The right-hander is coming off a season in which he went 19-3 with a 1.66 ERA, leading the National League in ERA, WAR, on-base percentage allowed and other good stuff. In his three seasons with the Dodgers, he went 51-15 with a 2.30 ERA. He’s never missed time with an arm injury; his DL stints have been a result of a broken rib suffered playing basketball and a broken collarbone in 2013 suffered in a brawl with the Arizona Diamondbacks.
At 32, he’s two years older than Max Scherzer was last offseason when Scherzer signed a seven-year, $210 million contract with the Washington Nationals, so Greinke may not receive that much. But expect something in the $170 million-$180 million range if he goes for the maximum offer.
Who lands him? This is pure speculation, but since Greinke loves to hit — he hit .224 with two home runs in 2015 and .249 in his Dodgers career — I’m thinking he’ll sign with a National League team. Maybe money trumps all in the end. After all, in his last free agency, Greinke admitted that money is “obviously the No. 1 thing. I could play for the worst team if they paid the most. … If the last-place team offers $200 million and the first-place team offers $10, I’m going to go for the $200 million no matter what team it was.”
But Greinke is also the unpredictable personality who may want to remain in the NL. With that in mind, here are five possible destinations, all NL teams:
1. The favorite: Los Angeles Dodgers
Over the past two seasons the Dodgers were just one game over .500 when Greinke or Clayton Kershaw didn’t start. Brett Anderson is also a free agent, so Kershaw and Alex Wood (4.35 ERA in 12 starts) are the current holdovers from the rotation. Hyun-Jin Ryu and Brandon McCarthy will be trying to come back from injuries, and prospects Jose De Leon and Julio Urias have limited time above A ball.
The Dodgers obviously have the cash, but you can also envision a scenario in which they won’t want to wait on Greinke’s decision. Maybe they instead go after David Price or Johnny Cueto. Maybe they sign Jason Heyward to a big deal and trade Yasiel Puig. Maybe the allocate their resources in multiple players. That said, everyone seems to think the Dodgers are the favorite to sign Greinke.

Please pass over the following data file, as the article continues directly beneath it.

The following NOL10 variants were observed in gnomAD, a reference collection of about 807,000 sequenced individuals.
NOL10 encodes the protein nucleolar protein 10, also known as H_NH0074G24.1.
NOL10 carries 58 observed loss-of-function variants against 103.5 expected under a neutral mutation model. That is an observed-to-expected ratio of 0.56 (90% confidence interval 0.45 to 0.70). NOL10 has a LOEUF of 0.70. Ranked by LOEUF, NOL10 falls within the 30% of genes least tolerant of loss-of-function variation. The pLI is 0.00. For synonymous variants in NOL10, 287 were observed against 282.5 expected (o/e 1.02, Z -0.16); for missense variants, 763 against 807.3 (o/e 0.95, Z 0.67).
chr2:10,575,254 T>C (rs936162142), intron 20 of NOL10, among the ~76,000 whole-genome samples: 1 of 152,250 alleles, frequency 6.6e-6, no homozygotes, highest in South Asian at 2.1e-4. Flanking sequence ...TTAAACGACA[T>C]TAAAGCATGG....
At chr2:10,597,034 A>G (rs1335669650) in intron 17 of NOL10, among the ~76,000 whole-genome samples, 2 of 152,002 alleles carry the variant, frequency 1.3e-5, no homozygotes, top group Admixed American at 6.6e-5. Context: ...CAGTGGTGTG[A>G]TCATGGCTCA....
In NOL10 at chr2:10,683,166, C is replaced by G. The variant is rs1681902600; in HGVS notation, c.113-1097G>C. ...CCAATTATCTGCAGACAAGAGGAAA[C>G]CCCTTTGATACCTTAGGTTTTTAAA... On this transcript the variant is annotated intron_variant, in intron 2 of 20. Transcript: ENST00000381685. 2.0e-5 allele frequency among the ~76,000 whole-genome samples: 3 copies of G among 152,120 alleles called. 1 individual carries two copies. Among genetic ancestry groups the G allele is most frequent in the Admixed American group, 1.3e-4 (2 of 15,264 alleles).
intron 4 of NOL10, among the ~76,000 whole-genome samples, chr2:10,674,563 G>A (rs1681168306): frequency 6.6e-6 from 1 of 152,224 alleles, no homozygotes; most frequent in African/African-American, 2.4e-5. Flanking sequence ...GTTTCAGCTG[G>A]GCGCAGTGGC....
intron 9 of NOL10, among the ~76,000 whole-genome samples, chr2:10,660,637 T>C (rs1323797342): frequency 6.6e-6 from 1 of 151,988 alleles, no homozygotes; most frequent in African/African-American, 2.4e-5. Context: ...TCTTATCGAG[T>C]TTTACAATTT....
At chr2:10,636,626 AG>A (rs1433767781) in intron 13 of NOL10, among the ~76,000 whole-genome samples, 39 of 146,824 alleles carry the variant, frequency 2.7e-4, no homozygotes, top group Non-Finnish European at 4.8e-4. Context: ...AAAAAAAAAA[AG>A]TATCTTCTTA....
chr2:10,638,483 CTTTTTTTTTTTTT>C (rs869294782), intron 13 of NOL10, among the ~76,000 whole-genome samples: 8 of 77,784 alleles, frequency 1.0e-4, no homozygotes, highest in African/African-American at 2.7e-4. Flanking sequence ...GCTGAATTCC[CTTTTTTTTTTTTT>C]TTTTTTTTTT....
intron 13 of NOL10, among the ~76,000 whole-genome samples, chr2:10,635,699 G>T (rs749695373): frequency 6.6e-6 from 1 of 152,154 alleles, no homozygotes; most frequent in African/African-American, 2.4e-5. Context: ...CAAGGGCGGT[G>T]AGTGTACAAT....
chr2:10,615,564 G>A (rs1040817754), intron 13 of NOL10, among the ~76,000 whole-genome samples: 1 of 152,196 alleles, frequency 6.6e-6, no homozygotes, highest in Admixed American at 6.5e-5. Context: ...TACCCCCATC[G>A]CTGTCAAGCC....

2. Big-market team with money: Chicago Cubs
All the early rumors have Price reuniting with Joe Maddon, his manager from his Tampa Bay days. But maybe the Cubs like Greinke better. Maybe they like idea of two right-handed aces in Jake Arrieta and Greinke and one lefty in Jon Lester as opposed to Arrieta and two lefties. Maybe Price’s poor postseason results will scare them off. Maybe they evaluate Greinke’s hitting — worth 0.6 WAR in 2015 — as worth an additional $4-5 million in value.
Or maybe the Cubs are happy with two aces, keep money in reserve to extend Arrieta in the future and spend their money on a center fielder or a corner outfielder if they think Kyle Schwarber ends up behind the plate.
3. You never have enough pitching: Washington Nationals
The Nationals may skimp on paying managers, but they don’t skimp on paying players. The rotation beyond Scherzer was a disappointment in 2015. They’re also losing a lot of money off the books in free agents: Jordan Zimmermann ($16.5 million in 2015), Doug Fister ($11.4 million), Ian Desmond ($11 million), Denard Span ($9 million), Nate McLouth ($5 million) and Matt Thornton ($3.5 million). With Trea Turner and Michael Taylor ready to step in for Desmond and Span, that’s $56.4 million that will go somewhere (other than a savings account for Bryce Harper). Keep in mind that Stephen Strasburg and Gio Gonzalez are also free agents after 2016 and signing Greinke as a one-two punch alongside Scherzer makes sense.
4. The rival: San Francisco Giants
Tim Hudson retired and Tim Lincecum is a free agent, so that’s $30 million in new change lying around. Some of that goes to increases for Buster Posey (about $3 million) and Madison Bumgarner (another $3 million), and Jake Peavy jumps up from $9 million to $15 million. Brandon Crawford will get a big raise in arbitration. Bumgarner’s team-friendly contract runs through 2019, so re-signing him isn’t an immediate issue. Plus the Giants have a lot of money soon coming off the books: Peavy, Angel Pagan and Sergio Romo after 2016. Marco Scutaro made $6.7 million in 2015 while on the DL. All that is a way of saying there could be room in the payroll for Greinke.
The Giants definitely need help with the rotation, which ranked seventh in the NL in ERA but just 12th in road ERA. Maybe they stick to a midrotation guy like Mike Leake and hope Matt Cain can make a strong comeback, but signing Greinke — and sticking it to the Dodgers — would be pretty sweet.
5. The sleeper: Arizona Diamondbacks
They have some offense; they can catch the ball. They need an ace. The club’s only long-term commitments beyond 2016 are Paul Goldschmidt, whose contract is highway robbery for a star of his stature, and Yasmany Tomas. There’s money here if Tony La Russa and Dave Stewart can convince Greinke to come to the desert.
And if you want a real long shot, how about the Miami Marlins? Greinke is from Florida, he’s played for Don Mattingly, and apparently all Jeffrey Loria has to do is offer the most money.